Noone likes a patchy lawn. If you walk out to your front yard or backyard and see bald, weak, thin, or bare patches in the lawn, try not to lose your cool; you can definitely repair them with a little bit of TLC.
Seeding is a great way to freshen up your lawn and give it a minor makeover. But before you get started, it's important to find out what caused the patchiness in the first place.
What Causes Bald Spots?
Thin or bare areas of a lawn can be a result of a number of lawn care issues, such as;
- Heavy foot traffic, resulting in soil compaction
- Turfgrass disease
- Prolonged drought
- Weed infestations
- Insect infestations
- Heavy shade from trees
- Debris and items covering lawns
- Misapplication of control products
It's important to investigate what the underlying issue might be, and try to remedy it to avoid future bald patches. If you're no detective, speak to a lawn care professional and they'll look at things such as your soil condition and help you get to the bottom of it.
Repairing Bare Areas
For small areas no bigger than the size of your fist, hand spot seeding is an effective method of seeding that you can do yourself.
For lawns that are thin, weak, or have multiple minor areas of concern, overseeding is an ideal solution. Most lawn care professionals recommend overseeding your lawn at least once a year, in the Spring or the Fall. This is best done with a push spreader.
Whether you're spot seeding or overseeding, timing is important. Seeding projects are best done in the Spring or the Fall when air and soil temperatures are not too warm or too cold, and when natural rainfall is common.
Prior to hand spot seeding or overseeding, there are a number of things you need to consider for best results.
1. Correct Soil Compaction and Soil pH Issues
If your soil is compacted from too much foot traffic, then you need to consider core aeration. Equally, if your soil is suffering from an acidic pH, then you also need to consider adding lime to your lawn. Both of these services should be done to ensure good seed establishment.
2. Prepare The Area
Before you get seeding, you need to get rid of any weeds in the area you're going to reseed. Scratch the bare surface with a rake so that the soil is broken up and seed-to-soil contact is optimal.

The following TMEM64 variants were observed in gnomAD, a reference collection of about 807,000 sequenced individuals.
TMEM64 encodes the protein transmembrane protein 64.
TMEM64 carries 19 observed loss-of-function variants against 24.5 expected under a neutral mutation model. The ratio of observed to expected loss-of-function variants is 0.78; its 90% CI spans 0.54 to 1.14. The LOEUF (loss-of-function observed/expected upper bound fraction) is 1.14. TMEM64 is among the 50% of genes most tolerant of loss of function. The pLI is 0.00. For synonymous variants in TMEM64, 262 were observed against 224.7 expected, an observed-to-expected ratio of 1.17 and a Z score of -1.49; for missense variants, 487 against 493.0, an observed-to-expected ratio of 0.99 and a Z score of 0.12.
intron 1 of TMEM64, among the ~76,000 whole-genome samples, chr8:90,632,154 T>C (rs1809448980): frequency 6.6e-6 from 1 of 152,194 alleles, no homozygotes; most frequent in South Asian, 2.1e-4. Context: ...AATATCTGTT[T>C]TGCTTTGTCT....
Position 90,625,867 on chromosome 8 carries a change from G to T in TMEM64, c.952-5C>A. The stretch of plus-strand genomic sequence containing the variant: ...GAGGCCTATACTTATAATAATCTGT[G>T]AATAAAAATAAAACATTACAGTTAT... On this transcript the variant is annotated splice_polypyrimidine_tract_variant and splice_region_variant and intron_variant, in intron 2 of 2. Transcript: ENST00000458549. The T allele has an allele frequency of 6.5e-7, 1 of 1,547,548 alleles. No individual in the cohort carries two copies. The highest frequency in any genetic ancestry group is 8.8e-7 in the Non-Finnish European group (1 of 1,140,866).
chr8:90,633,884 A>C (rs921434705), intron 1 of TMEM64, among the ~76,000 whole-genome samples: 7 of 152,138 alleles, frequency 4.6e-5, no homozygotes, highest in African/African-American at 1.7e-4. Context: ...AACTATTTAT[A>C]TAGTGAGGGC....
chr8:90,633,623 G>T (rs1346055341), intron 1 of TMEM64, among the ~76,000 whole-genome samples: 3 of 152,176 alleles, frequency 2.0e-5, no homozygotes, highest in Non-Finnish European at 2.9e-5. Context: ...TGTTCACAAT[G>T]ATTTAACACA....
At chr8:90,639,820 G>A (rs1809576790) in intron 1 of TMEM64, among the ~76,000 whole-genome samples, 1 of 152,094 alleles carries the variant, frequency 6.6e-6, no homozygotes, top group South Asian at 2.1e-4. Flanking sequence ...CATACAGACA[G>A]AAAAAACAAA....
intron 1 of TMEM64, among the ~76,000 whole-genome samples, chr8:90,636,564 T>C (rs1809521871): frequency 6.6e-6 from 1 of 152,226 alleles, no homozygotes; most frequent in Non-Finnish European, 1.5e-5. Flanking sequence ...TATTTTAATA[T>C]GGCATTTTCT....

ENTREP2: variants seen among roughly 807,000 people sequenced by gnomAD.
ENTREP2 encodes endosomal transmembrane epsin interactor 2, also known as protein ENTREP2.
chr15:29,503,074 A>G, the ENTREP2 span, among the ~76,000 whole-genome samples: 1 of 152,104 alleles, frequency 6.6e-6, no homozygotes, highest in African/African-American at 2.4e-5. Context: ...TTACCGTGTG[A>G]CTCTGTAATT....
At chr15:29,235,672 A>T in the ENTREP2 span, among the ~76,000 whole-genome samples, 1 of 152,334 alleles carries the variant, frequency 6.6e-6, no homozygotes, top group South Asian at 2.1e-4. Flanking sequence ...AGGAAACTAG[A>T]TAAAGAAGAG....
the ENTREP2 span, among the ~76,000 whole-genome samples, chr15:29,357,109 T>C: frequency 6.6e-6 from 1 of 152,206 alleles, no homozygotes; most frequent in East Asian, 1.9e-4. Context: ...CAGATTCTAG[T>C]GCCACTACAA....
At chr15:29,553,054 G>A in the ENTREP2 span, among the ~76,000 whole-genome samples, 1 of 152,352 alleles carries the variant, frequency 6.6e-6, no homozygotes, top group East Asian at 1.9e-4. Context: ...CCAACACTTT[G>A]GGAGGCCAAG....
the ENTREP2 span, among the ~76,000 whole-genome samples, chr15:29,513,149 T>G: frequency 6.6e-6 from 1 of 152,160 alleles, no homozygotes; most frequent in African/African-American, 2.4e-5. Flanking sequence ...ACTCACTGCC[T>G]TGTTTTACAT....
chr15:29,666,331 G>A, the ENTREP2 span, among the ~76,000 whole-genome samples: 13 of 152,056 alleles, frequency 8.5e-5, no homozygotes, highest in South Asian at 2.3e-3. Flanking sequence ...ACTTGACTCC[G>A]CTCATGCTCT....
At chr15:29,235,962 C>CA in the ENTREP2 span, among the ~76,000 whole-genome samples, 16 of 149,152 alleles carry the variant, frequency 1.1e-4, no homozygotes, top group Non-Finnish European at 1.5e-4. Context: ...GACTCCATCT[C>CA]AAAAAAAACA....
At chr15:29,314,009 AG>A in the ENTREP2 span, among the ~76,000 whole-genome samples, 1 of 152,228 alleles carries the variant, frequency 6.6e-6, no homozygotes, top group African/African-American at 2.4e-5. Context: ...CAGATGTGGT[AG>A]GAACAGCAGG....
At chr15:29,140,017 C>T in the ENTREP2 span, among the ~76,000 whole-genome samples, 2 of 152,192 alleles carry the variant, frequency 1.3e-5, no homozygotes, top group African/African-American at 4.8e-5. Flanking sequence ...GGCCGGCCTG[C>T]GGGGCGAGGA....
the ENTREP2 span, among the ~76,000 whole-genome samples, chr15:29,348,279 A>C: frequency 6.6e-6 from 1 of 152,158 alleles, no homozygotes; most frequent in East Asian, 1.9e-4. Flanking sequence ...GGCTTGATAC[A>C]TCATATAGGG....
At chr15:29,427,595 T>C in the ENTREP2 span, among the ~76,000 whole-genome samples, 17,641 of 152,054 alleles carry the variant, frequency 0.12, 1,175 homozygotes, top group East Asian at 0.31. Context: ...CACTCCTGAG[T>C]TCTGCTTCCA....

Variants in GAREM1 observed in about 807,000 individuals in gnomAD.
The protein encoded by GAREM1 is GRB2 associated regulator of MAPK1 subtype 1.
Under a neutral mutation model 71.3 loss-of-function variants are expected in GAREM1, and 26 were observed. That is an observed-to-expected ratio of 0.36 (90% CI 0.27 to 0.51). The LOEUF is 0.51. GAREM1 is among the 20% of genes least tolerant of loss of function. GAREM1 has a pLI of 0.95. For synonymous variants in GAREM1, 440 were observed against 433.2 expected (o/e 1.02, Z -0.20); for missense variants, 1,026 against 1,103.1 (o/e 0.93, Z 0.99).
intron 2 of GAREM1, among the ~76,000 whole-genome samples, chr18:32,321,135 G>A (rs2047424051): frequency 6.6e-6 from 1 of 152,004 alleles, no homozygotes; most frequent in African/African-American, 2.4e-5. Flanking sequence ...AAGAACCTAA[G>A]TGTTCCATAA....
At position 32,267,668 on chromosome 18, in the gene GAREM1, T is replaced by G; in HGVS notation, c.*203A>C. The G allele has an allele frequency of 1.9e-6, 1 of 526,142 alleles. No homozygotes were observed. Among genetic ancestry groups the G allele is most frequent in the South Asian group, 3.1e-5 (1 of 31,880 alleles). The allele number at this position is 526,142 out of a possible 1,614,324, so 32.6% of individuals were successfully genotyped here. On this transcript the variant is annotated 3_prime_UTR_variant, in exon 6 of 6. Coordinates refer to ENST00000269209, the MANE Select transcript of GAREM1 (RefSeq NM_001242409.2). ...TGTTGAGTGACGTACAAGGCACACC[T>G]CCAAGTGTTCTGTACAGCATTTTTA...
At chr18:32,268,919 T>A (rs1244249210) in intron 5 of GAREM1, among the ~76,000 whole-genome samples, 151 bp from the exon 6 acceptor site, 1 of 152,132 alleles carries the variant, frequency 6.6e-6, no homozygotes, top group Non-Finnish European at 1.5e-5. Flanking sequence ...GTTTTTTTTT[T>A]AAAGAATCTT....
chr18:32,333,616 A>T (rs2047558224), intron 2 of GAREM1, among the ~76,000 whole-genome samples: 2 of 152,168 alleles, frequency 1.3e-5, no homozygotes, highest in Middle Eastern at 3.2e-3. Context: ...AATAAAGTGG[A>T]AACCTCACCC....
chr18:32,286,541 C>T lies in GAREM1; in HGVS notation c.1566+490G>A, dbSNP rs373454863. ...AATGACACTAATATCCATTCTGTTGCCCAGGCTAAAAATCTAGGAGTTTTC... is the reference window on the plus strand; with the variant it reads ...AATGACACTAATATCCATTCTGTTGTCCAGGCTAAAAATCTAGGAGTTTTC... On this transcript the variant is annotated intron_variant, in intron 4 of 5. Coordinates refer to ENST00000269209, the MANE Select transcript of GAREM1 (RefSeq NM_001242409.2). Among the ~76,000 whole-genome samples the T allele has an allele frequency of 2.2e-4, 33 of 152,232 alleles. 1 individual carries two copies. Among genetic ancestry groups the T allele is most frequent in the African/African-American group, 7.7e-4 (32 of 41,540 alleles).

3. Use Good Quality Grass Seed
The worst thing you can do is buy a seed just because it was on special. Make sure you buy the correct seed based on your grass type, as well as the best seed for your local conditions. If you're not sure, talk to a lawn care expert and they'll help you decide what's best for you.
Some other considerations include;
- Use a seed mixture, as opposed to one cultivar. A variety of grass seed species and cultivars results in good biodiversity in the lawn.
- Use certified seed selected to address specific disease or insect resistance.
- Use seed that addresses environmental factors like shade or drought.
4. Ensure Seed-to-Soil Contact
With any seeding project, the seed must be in contact with soil to get good results. If seed is simply sprinkled on the surface of a lawn with excessive thatch, the seed may germinate, but the tiny roots of the newly germinated seed will never make it to the soil, and will die during the first hot, dry period.
5. Use a Starter Fertilizer
Starter fertilizers help the newly germinated seeds get an abundant supply of phosphorous, even though they initially have a small root system. The nitrogen component is usually small in order to encourage root development as opposed to leave growth.
6. Apply Topdressing
Applying topdressing after seeding is always a good idea. Spreading a thin layer of weed-free, topdressing adds valuable nutrients, organic matter, and micro organisms to your lawn that fight plant disease, improve heat and drought stress, and optimize seed germination and turf establishment.
Our Organic Topdressing also has an abundant supply of natural phosphate that is slowly available to the newly germinated grass plants.
The most important rule to follow when establishing grass seed is "if the seed dries, it dies." Water is essential and without it the seed simply cannot germinate.
Maintaining a light, frequent watering schedule multiple times a day until the grass fully establishes is vital. This ensures the seed always stays moist and doesn't dry out.
Each grass species germinates at a different speed. Assuming optimal weather and growing conditions, some seed (such as Perennial Ryegrass) can germinate as quickly as 4-7 days, while others (like Kentucky Bluegrass) can take as long as 21 days.
Establishment and Aftercare
Depending on the grass species, it can take several weeks or months before the seedlings are fully established. As they mature, they develop an independent root system required to grow healthy and withstand natural stresses.
As new seedlings are tender and can be easily damaged, it is best to wait 4-6 weeks after full germination before regular mowing practices can begin again.
Watering can also be adjusted to a deep and infrequent schedule, provided the seedlings are not stressed.
Balanced fertility is recommended to maintain and provide the essential plant nutrients the seedlings require for healthy establishment and growth.